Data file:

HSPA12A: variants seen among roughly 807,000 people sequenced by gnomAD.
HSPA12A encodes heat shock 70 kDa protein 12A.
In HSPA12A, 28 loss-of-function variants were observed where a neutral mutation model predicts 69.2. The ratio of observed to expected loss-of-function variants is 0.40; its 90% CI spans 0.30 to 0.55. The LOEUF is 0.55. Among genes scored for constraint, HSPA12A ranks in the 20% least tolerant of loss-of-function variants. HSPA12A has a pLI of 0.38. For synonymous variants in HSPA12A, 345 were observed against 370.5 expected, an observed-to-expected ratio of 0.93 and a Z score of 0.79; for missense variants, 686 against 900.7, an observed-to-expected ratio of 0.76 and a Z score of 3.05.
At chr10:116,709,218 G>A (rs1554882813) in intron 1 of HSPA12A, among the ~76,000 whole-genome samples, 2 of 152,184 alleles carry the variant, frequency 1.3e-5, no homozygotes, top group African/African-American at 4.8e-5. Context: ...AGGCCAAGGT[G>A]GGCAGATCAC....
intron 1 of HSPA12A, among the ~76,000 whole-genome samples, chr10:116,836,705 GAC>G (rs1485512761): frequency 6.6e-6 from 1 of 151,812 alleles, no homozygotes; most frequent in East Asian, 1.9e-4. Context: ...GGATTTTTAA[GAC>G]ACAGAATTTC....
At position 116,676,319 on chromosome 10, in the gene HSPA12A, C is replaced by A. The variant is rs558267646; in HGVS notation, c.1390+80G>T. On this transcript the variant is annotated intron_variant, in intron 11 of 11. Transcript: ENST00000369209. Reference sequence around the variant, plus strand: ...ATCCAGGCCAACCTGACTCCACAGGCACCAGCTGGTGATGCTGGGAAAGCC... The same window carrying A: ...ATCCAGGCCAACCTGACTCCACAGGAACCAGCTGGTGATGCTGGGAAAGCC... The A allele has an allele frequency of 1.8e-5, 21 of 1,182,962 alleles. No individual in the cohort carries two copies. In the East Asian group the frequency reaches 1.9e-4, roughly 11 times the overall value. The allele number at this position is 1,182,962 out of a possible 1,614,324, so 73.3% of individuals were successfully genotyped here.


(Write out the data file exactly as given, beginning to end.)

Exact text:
HSPA12A: variants seen among roughly 807,000 people sequenced by gnomAD.
HSPA12A encodes heat shock 70 kDa protein 12A.
In HSPA12A, 28 loss-of-function variants were observed where a neutral mutation model predicts 69.2. The ratio of observed to expected loss-of-function variants is 0.40; its 90% CI spans 0.30 to 0.55. The LOEUF is 0.55. Among genes scored for constraint, HSPA12A ranks in the 20% least tolerant of loss-of-function variants. HSPA12A has a pLI of 0.38. For synonymous variants in HSPA12A, 345 were observed against 370.5 expected, an observed-to-expected ratio of 0.93 and a Z score of 0.79; for missense variants, 686 against 900.7, an observed-to-expected ratio of 0.76 and a Z score of 3.05.
At chr10:116,709,218 G>A (rs1554882813) in intron 1 of HSPA12A, among the ~76,000 whole-genome samples, 2 of 152,184 alleles carry the variant, frequency 1.3e-5, no homozygotes, top group African/African-American at 4.8e-5. Context: ...AGGCCAAGGT[G>A]GGCAGATCAC....
intron 1 of HSPA12A, among the ~76,000 whole-genome samples, chr10:116,836,705 GAC>G (rs1485512761): frequency 6.6e-6 from 1 of 151,812 alleles, no homozygotes; most frequent in East Asian, 1.9e-4. Context: ...GGATTTTTAA[GAC>G]ACAGAATTTC....
At position 116,676,319 on chromosome 10, in the gene HSPA12A, C is replaced by A. The variant is rs558267646; in HGVS notation, c.1390+80G>T. On this transcript the variant is annotated intron_variant, in intron 11 of 11. Transcript: ENST00000369209. Reference sequence around the variant, plus strand: ...ATCCAGGCCAACCTGACTCCACAGGCACCAGCTGGTGATGCTGGGAAAGCC... The same window carrying A: ...ATCCAGGCCAACCTGACTCCACAGGAACCAGCTGGTGATGCTGGGAAAGCC... The A allele has an allele frequency of 1.8e-5, 21 of 1,182,962 alleles. No individual in the cohort carries two copies. In the East Asian group the frequency reaches 1.9e-4, roughly 11 times the overall value. The allele number at this position is 1,182,962 out of a possible 1,614,324, so 73.3% of individuals were successfully genotyped here.